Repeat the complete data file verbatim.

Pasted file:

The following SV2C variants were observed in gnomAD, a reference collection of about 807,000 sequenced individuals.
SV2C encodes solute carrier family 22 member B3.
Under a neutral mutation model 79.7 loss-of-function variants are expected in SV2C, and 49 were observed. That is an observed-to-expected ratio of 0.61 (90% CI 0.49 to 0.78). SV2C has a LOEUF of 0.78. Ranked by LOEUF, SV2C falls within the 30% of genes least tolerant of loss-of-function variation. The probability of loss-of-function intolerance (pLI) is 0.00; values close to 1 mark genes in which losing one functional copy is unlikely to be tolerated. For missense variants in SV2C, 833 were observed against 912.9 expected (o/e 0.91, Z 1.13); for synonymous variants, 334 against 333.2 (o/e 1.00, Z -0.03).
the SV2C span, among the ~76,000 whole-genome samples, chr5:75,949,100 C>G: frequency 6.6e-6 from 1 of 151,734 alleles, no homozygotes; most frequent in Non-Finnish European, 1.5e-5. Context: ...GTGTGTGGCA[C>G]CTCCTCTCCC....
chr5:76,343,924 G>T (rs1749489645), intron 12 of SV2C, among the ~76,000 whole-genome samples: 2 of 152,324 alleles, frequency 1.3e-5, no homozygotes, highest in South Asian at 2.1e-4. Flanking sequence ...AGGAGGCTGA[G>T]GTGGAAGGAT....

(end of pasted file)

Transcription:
The following SV2C variants were observed in gnomAD, a reference collection of about 807,000 sequenced individuals.
SV2C encodes solute carrier family 22 member B3.
Under a neutral mutation model 79.7 loss-of-function variants are expected in SV2C, and 49 were observed. That is an observed-to-expected ratio of 0.61 (90% CI 0.49 to 0.78). SV2C has a LOEUF of 0.78. Ranked by LOEUF, SV2C falls within the 30% of genes least tolerant of loss-of-function variation. The probability of loss-of-function intolerance (pLI) is 0.00; values close to 1 mark genes in which losing one functional copy is unlikely to be tolerated. For missense variants in SV2C, 833 were observed against 912.9 expected (o/e 0.91, Z 1.13); for synonymous variants, 334 against 333.2 (o/e 1.00, Z -0.03).
the SV2C span, among the ~76,000 whole-genome samples, chr5:75,949,100 C>G: frequency 6.6e-6 from 1 of 151,734 alleles, no homozygotes; most frequent in Non-Finnish European, 1.5e-5. Context: ...GTGTGTGGCA[C>G]CTCCTCTCCC....
chr5:76,343,924 G>T (rs1749489645), intron 12 of SV2C, among the ~76,000 whole-genome samples: 2 of 152,324 alleles, frequency 1.3e-5, no homozygotes, highest in South Asian at 2.1e-4. Flanking sequence ...AGGAGGCTGA[G>T]GTGGAAGGAT....